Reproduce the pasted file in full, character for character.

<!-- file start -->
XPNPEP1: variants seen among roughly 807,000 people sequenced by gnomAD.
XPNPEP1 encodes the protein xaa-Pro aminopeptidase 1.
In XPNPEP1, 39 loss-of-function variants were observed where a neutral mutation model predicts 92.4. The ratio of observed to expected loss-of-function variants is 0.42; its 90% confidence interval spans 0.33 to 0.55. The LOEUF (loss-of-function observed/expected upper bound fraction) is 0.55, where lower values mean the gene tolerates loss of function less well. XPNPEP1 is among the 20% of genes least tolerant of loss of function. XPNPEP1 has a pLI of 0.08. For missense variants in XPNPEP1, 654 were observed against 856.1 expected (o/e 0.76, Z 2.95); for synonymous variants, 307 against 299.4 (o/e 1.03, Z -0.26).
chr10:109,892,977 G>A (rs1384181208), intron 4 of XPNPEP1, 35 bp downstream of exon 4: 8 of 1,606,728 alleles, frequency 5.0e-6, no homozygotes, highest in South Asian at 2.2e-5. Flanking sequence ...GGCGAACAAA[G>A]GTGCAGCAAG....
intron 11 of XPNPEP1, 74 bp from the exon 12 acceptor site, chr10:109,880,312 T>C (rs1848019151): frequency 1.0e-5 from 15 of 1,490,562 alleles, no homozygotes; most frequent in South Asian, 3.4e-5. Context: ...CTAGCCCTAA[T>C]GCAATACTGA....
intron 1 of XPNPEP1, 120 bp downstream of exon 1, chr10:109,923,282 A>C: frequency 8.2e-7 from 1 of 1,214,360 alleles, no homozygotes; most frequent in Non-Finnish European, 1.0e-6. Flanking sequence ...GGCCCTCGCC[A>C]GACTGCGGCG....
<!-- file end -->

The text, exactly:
XPNPEP1: variants seen among roughly 807,000 people sequenced by gnomAD.
XPNPEP1 encodes the protein xaa-Pro aminopeptidase 1.
In XPNPEP1, 39 loss-of-function variants were observed where a neutral mutation model predicts 92.4. The ratio of observed to expected loss-of-function variants is 0.42; its 90% confidence interval spans 0.33 to 0.55. The LOEUF (loss-of-function observed/expected upper bound fraction) is 0.55, where lower values mean the gene tolerates loss of function less well. XPNPEP1 is among the 20% of genes least tolerant of loss of function. XPNPEP1 has a pLI of 0.08. For missense variants in XPNPEP1, 654 were observed against 856.1 expected (o/e 0.76, Z 2.95); for synonymous variants, 307 against 299.4 (o/e 1.03, Z -0.26).
chr10:109,892,977 G>A (rs1384181208), intron 4 of XPNPEP1, 35 bp downstream of exon 4: 8 of 1,606,728 alleles, frequency 5.0e-6, no homozygotes, highest in South Asian at 2.2e-5. Flanking sequence ...GGCGAACAAA[G>A]GTGCAGCAAG....
intron 11 of XPNPEP1, 74 bp from the exon 12 acceptor site, chr10:109,880,312 T>C (rs1848019151): frequency 1.0e-5 from 15 of 1,490,562 alleles, no homozygotes; most frequent in South Asian, 3.4e-5. Context: ...CTAGCCCTAA[T>C]GCAATACTGA....
intron 1 of XPNPEP1, 120 bp downstream of exon 1, chr10:109,923,282 A>C: frequency 8.2e-7 from 1 of 1,214,360 alleles, no homozygotes; most frequent in Non-Finnish European, 1.0e-6. Flanking sequence ...GGCCCTCGCC[A>C]GACTGCGGCG....